MUMBAI : On 23 July, the Supreme Court finally brought real estate developer Amrapali to book. It scrapped Amrapali’s registration under the Real Estate (Regulation and Development) Act, or Rera, and ordered a probe by the Enforcement Directorate into money laundering and diversion of funds. Besides, it directed government-owned NBCC India Ltd to complete all incomplete projects.

The intent is noble. But the need of the hour is that all this quickly translates into action. Regulatory tightening through implementation of Rera hasn’t progressed as well as hoped.

“It has been three years and most states have failed to implement it in complete letter and spirit of the law," said Samantak Das, economist and executive director at JLL India. So, the Amrapali case is also a wake-up call for speedy implementation of existing rules.

Das also adds that the Model Tenancy Act proposed in the Union budget, too, is well meaning, but the key lies in implementation.

In the particular case of Amrapali, the stakes are high as well. There are 42,000 homes to be handed over to buyers. So, it raises questions on whether NBCC can deliver. To begin with, buyers have been asked to deposit balance payments due in a separate escrow account.

“Funding for completion of this project may hit a stumbling block if all the homebuyers in the project don’t deposit the balance amounts in the escrow within the stipulated time. It is worth considering that many of these homebuyers may have exhausted their savings and may not have the required funds readily available with them," said Ghulam Zia, executive director, valuation and advisory, retail & hospitality, Knight Frank India Pvt. Ltd. Many homebuyers may also be wary of further infusion, after being singed already.

True, authorities are expected to liquidate personal assets of directors and those who were involved in the fraud.

But if these deals are stuck for long, weak cash flows can also impact project completion.

It also needs to be noted here that while the NBCC option may be viable in this case, subject to availability of funds, it may not work every time.

“NBCC’s ability to take up other such projects will have to be considered, and, hence, it can’t be taken as a standard solution to all stuck projects," said Zia.

Apart from regulatory challenges, a liquidity crunch fuelled the crisis of excess supply in residential markets. The slump in demand and rising inventory of unsold homes strangled small and mid-sized developers, some of whom have vanished.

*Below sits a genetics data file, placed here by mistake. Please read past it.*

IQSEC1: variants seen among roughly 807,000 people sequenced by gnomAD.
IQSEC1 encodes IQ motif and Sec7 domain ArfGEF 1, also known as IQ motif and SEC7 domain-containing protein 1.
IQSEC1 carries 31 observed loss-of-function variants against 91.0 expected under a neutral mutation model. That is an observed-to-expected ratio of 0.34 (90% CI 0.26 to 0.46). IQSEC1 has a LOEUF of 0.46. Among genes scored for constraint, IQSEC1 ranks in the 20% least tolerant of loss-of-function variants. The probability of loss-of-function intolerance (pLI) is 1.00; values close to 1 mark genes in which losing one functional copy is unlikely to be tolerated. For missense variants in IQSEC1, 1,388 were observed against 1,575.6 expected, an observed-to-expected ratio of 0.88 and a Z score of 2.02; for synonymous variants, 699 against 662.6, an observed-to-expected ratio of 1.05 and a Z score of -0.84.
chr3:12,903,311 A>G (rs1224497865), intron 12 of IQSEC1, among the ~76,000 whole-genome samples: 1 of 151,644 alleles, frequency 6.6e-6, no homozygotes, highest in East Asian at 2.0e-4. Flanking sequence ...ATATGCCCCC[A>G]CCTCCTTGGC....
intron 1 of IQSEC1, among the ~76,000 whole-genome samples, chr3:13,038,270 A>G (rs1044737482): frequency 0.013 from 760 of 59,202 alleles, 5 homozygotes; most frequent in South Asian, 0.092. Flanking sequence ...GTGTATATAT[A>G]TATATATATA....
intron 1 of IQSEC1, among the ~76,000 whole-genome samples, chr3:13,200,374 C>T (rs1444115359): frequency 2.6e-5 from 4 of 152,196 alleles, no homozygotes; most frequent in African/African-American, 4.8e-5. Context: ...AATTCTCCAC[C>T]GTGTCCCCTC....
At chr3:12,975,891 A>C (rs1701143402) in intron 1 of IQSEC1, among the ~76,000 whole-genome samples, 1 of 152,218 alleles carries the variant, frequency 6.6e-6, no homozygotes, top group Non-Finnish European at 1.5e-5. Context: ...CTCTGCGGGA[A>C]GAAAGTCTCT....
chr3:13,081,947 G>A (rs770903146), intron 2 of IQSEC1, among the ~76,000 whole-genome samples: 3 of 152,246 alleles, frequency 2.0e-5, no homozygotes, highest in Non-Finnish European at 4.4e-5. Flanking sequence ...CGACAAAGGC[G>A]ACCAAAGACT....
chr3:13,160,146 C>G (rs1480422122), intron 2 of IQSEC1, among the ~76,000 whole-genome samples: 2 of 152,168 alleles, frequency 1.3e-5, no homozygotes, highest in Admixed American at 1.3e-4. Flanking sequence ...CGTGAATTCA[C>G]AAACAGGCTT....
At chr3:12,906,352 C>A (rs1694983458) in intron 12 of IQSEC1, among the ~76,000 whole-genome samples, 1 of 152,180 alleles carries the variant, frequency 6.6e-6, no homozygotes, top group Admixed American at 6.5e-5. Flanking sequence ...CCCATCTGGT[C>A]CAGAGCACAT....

A complete halt in new launches as builders and buyers were crippled with poor liquidity is the only reason why inventory of unsold homes is slowly ebbing.

That said, according to data from Anarock Property Consultants Pvt. Ltd, over 570,000 homes across the country are delayed (started during or before 2013) leaving buyers in the lurch.

Worse, 174,000 units, valued at a total of 1.77 trillion, have been stalled with no activity.

What recourse would buyers have on these pre-Rera projects, given that litigations are known to take a long time before redressal.

Meanwhile, as the first half of calendar year 2020 saw green shoots of recovery, the recent ban on interest subvention scheme could drag the recovery, with some respite only in the commercial property market.

About 10-12% of mortgages were routed through such offers, especially for projects under construction where several frauds have shaken the confidence of buyers.

To be sure, there is hope that the sector will revive, given that inventory has been gradually coming down. Demand side stability is the current focus. Accountability and transparency is already seeing a consolidation in the sector.

Large developers—especially those in the listed universe such as Oberoi Realty Ltd, DLF Ltd, Prestige Enterprises & Projects Ltd, Phoenix Mills Ltd and Sobha Ltd—are among those who have put their balance sheets in order so as to lure both buyers and private equity funds.

Some of these firms have drastically cut debt through asset monetization and promoter funds infusion.

With this, equity investors’ confidence towards the sector, is slowly returning.

The Nifty Realty index has outperformed the broad markets this year on the back of lower inventory and rising sales in the affordable homes category.

That said, it is time to create a good ecosystem for the supply side. As large projects are fraught with large risks, financial institutions, once bitten, are shying away from funding the sector.

“Developers must have access to funds at the right time. Project fund sizes are down to about half the level seen a few years ago," explains Das.

A delay in implementation of regulations could again put the sector in a tailspin.

The recent news that Piramal Real Estate Investment Trust fund has sought an extension of tenure as six projects worth 562 crore are stuck, does not bode well for the sector either.

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